Tips from 3500 Miles on the GlideCycle Saddle
- Adapting the fanny to a GlideCycle seat is similar to the process of getting use to bicycle seat discomfort, but on the GlideCycle, we can all be thankful for the missing crotch pressure. Experience will also help you learn to really take charge of the seat position and comfort as small adjustments go along way to improve comfort each time you need it.
- As your posterior muscles get stronger, you will be able to run in a less aggressive position and feel powerful with the pelvic riser tube more vertical instead of in the forward tilted aggressive or hill running position. This is often more comfortable all around. This has been the biggest change I have noticed during running. There have been times on small inclines where I have not had to Shift seat position forward and I never could have done that a year ago.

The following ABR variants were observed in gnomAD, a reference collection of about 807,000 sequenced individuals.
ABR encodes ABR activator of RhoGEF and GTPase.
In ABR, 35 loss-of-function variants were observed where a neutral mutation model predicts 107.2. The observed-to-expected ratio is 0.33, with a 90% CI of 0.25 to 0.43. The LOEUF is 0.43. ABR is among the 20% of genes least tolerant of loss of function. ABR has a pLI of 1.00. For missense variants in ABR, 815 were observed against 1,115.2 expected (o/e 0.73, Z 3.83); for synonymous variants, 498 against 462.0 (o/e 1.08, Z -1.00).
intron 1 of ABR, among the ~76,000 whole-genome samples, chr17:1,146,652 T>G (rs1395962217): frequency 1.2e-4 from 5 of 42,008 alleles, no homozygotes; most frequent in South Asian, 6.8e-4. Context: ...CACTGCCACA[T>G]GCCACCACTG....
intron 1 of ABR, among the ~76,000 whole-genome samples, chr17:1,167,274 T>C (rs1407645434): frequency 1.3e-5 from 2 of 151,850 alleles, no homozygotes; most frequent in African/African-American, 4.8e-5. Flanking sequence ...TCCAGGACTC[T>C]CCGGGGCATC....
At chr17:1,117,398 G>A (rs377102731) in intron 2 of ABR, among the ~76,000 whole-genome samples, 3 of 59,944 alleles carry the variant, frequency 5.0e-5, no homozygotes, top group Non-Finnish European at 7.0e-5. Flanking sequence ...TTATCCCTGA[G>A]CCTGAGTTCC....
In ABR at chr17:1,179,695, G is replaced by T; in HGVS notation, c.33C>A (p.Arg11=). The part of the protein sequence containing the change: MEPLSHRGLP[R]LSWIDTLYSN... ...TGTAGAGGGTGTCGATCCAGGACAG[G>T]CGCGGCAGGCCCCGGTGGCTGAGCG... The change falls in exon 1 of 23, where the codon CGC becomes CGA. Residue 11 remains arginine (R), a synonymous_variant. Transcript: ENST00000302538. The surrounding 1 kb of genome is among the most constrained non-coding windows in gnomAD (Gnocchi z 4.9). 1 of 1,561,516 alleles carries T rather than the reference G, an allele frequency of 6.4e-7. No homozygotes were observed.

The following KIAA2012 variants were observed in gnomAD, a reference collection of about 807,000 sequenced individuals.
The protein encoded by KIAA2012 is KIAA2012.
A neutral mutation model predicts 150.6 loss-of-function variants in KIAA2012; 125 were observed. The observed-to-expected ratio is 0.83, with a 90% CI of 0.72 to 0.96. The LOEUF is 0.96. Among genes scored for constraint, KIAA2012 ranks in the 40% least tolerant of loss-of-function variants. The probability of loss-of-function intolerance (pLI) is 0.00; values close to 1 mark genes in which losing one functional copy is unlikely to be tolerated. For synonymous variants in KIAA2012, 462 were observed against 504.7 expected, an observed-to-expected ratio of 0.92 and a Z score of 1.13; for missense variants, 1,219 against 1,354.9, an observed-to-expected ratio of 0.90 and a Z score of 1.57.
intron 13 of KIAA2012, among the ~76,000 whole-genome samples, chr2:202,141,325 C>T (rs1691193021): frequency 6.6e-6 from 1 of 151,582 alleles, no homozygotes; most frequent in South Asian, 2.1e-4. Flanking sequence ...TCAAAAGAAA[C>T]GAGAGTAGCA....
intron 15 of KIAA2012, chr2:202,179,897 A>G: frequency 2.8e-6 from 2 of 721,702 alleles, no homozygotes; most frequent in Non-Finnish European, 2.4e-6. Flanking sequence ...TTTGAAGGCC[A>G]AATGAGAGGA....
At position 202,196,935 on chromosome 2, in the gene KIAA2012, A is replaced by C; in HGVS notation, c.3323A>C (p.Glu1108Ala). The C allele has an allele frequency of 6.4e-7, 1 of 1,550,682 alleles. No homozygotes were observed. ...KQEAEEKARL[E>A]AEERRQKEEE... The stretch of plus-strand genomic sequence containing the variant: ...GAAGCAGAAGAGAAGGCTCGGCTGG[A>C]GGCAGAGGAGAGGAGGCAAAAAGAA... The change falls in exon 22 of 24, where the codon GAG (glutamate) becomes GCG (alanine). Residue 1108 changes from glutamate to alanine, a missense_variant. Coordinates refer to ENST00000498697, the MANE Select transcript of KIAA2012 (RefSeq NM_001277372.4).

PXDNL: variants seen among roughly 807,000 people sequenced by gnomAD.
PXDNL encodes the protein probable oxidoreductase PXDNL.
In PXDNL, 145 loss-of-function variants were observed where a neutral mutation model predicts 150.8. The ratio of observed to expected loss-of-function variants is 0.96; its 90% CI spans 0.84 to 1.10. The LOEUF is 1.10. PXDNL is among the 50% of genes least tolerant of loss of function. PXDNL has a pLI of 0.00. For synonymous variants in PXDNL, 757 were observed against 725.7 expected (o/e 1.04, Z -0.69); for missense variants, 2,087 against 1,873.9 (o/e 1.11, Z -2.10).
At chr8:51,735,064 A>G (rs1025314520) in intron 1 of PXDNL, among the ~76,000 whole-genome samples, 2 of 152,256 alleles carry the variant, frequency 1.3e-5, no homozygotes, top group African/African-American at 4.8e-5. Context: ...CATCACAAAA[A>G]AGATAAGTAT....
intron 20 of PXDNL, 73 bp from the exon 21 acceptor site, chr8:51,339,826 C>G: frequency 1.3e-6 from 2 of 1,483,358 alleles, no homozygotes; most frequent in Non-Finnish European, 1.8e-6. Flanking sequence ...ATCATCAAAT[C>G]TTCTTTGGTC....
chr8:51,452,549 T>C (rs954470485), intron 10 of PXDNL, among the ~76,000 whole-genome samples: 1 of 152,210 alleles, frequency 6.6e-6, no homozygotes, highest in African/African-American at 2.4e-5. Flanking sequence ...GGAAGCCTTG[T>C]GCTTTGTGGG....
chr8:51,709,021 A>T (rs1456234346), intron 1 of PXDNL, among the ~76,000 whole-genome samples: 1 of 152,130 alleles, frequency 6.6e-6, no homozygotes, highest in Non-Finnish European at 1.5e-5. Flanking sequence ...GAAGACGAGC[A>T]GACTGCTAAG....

- Expect days where you jump on the GlideCycle and it just feels more comfortable than usual for the whole run. Then there might be days where you fuss with the seat comfort a little more.
- Shorts with even a small amount of padding in the fanny (seamless cycling baggy shorts or lycra shorts) make a significant difference in comfort.
- Every so often, as on a bicycle seat, it helps to redistribute pressure by sliding up out of the seat a bit and then resettle back down in the seat, which you probably already do. This can be done without even slowing down or stopping once you practice a time or two but can also be done by stopping and letting the seat down a little and then sliding back into it.
- Changes in seat angle/tilt that occur when using straps to adapt to changing terrain really help to temporarily redistribute pressure each time you “shift”. Often, when changing from an incline running surface to less of an incline or flat surface, it helps to tighten the lower front strap a little to move the pelvic riser to to a more vertical vs. aggressive (forward tilt) angle which also flattens the seat position and improves comfort.